Clang 3.8 documentation


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Sanitizer tools have a very simple code coverage tool built in. It allows to get function-level, basic-block-level, and edge-level coverage at a very low cost.

How to build and run

SanitizerCoverage can be used with AddressSanitizer, LeakSanitizer, MemorySanitizer, and UndefinedBehaviorSanitizer. In addition to -fsanitize=, pass one of the following compile-time flags:

  • -fsanitize-coverage=func for function-level coverage (very fast).
  • -fsanitize-coverage=bb for basic-block-level coverage (may add up to 30% extra slowdown).
  • -fsanitize-coverage=edge for edge-level coverage (up to 40% slowdown).

You may also specify -fsanitize-coverage=indirect-calls for additional caller-callee coverage.

At run time, pass coverage=1 in ASAN_OPTIONS, LSAN_OPTIONS, MSAN_OPTIONS or UBSAN_OPTIONS, as appropriate.

To get Coverage counters, add -fsanitize-coverage=8bit-counters to one of the above compile-time flags. At runtime, use *SAN_OPTIONS=coverage=1:coverage_counters=1.


% cat -n
     1  #include <stdio.h>
     2  __attribute__((noinline))
     3  void foo() { printf("foo\n"); }
     5  int main(int argc, char **argv) {
     6    if (argc == 2)
     7      foo();
     8    printf("main\n");
     9  }
% clang++ -g -fsanitize=address -fsanitize-coverage=func
% ASAN_OPTIONS=coverage=1 ./a.out; ls -l *sancov
-rw-r----- 1 kcc eng 4 Nov 27 12:21 a.out.22673.sancov
% ASAN_OPTIONS=coverage=1 ./a.out foo ; ls -l *sancov
-rw-r----- 1 kcc eng 4 Nov 27 12:21 a.out.22673.sancov
-rw-r----- 1 kcc eng 8 Nov 27 12:21 a.out.22679.sancov

Every time you run an executable instrumented with SanitizerCoverage one *.sancov file is created during the process shutdown. If the executable is dynamically linked against instrumented DSOs, one *.sancov file will be also created for every DSO.


The format of *.sancov files is very simple: the first 8 bytes is the magic, one of 0xC0BFFFFFFFFFFF64 and 0xC0BFFFFFFFFFFF32. The last byte of the magic defines the size of the following offsets. The rest of the data is the offsets in the corresponding binary/DSO that were executed during the run.

A simple script $LLVM/projects/compiler-rt/lib/sanitizer_common/scripts/ is provided to dump these offsets.

% print a.out.22679.sancov a.out.22673.sancov read 2 PCs from a.out.22679.sancov read 1 PCs from a.out.22673.sancov 2 files merged; 2 PCs total

You can then filter the output of through addr2line --exe ObjectFile or llvm-symbolizer --obj ObjectFile to get file names and line numbers:

% print a.out.22679.sancov a.out.22673.sancov 2> /dev/null | llvm-symbolizer --obj a.out

How good is the coverage?

It is possible to find out which PCs are not covered, by subtracting the covered set from the set of all instrumented PCs. The latter can be obtained by listing all callsites of __sanitizer_cov() in the binary. On Linux, can do this for you. Just supply the path to binary and a list of covered PCs:

% print a.out.12345.sancov > covered.txt read 2 64-bit PCs from a.out.12345.sancov 1 file merged; 2 PCs total
% missing a.out < covered.txt found 3 instrumented PCs in a.out read 2 PCs from stdin 1 PCs missing from coverage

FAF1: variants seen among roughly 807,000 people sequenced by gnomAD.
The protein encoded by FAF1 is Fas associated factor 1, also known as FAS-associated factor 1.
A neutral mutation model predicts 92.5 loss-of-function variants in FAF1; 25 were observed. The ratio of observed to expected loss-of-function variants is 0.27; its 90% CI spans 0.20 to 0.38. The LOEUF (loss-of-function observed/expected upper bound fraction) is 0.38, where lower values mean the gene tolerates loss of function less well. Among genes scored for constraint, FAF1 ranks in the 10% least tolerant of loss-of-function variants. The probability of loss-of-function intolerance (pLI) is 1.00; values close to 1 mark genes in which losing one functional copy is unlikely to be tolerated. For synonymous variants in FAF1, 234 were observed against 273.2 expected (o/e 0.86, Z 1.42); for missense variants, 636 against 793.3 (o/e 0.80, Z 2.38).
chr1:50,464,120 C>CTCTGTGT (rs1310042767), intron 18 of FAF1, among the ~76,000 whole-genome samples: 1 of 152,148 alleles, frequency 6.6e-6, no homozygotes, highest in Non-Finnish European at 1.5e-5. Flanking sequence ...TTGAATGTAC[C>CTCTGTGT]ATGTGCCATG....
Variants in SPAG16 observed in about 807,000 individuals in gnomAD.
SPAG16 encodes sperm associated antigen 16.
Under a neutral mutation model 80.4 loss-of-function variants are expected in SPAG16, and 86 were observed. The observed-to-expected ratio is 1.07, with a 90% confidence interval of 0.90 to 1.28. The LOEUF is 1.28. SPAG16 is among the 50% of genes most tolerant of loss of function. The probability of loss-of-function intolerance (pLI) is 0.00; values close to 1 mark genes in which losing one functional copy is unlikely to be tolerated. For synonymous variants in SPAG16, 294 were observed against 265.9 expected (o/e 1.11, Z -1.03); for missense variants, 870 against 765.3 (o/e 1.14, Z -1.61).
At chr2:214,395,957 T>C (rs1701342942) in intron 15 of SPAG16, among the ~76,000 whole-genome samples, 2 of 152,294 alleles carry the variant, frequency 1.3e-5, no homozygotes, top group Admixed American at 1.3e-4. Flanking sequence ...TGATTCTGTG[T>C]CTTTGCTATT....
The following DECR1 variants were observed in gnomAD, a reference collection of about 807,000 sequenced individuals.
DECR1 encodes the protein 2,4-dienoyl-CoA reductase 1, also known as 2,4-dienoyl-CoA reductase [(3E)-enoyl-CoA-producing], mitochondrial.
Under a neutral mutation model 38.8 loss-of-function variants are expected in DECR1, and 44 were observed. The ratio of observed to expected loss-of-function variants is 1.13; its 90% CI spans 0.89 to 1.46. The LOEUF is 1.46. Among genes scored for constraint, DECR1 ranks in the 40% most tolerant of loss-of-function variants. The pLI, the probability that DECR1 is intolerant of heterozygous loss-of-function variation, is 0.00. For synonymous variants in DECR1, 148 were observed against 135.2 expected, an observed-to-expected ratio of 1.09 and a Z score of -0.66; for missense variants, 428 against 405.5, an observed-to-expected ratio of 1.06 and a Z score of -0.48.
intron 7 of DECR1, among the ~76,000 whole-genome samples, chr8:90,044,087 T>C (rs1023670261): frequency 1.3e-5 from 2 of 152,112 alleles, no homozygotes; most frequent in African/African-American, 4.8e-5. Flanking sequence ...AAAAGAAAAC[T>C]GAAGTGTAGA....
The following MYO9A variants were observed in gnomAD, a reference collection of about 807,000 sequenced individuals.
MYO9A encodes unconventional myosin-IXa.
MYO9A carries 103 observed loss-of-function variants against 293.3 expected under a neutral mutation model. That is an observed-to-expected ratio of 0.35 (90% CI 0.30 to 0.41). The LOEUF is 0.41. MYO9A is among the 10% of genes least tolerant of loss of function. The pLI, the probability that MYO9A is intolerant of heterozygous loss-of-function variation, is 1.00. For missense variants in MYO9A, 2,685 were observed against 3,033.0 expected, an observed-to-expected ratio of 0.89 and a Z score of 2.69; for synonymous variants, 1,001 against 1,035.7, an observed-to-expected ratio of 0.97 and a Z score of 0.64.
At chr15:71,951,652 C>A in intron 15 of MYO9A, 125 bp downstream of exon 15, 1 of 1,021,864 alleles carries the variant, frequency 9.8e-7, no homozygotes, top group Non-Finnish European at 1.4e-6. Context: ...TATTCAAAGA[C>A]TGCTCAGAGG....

Edge coverage

Consider this code:

void foo(int *a) {
  if (a)
    *a = 0;

It contains 3 basic blocks, let’s name them A, B, C:

| \
|  B
| /

If blocks A, B, and C are all covered we know for certain that the edges A=>B and B=>C were executed, but we still don’t know if the edge A=>C was executed. Such edges of control flow graph are called critical. The edge-level coverage (-fsanitize-coverage=edge) simply splits all critical edges by introducing new dummy blocks and then instruments those blocks:

| \
D  B
| /


When coverage_bitset=1 run-time flag is given, the coverage will also be dumped as a bitset (text file with 1 for blocks that have been executed and 0 for blocks that were not).

% clang++ -fsanitize=address -fsanitize-coverage=edge
% ASAN_OPTIONS="coverage=1:coverage_bitset=1" ./a.out
% ASAN_OPTIONS="coverage=1:coverage_bitset=1" ./a.out 1
% head *bitset*
==> a.out.38214.bitset-sancov <==
==> a.out.6128.bitset-sancov <==

For a given executable the length of the bitset is always the same (well, unless dlopen/dlclose come into play), so the bitset coverage can be easily used for bitset-based corpus distillation.

Caller-callee coverage

(Experimental!) Every indirect function call is instrumented with a run-time function call that captures caller and callee. At the shutdown time the process dumps a separate file called caller-callee.PID.sancov which contains caller/callee pairs as pairs of lines (odd lines are callers, even lines are callees)

a.out 0x4a2e0c
a.out 0x4a6510
a.out 0x4a2e0c
a.out 0x4a87f0

Current limitations:

  • Only the first 14 callees for every caller are recorded, the rest are silently ignored.
  • The output format is not very compact since caller and callee may reside in different modules and we need to spell out the module names.
  • The routine that dumps the output is not optimized for speed
  • Only Linux x86_64 is tested so far.
  • Sandboxes are not supported.

Coverage counters

This experimental feature is inspired by AFL‘s coverage instrumentation. With additional compile-time and run-time flags you can get more sensitive coverage information. In addition to boolean values assigned to every basic block (edge) the instrumentation will collect imprecise counters. On exit, every counter will be mapped to a 8-bit bitset representing counter ranges: 1, 2, 3, 4-7, 8-15, 16-31, 32-127, 128+ and those 8-bit bitsets will be dumped to disk.

% clang++ -g -fsanitize=address -fsanitize-coverage=edge,8bit-counters
% ASAN_OPTIONS="coverage=1:coverage_counters=1" ./a.out
% ls -l *counters-sancov
... a.out.17110.counters-sancov
% xxd *counters-sancov
0000000: 0001 0100 01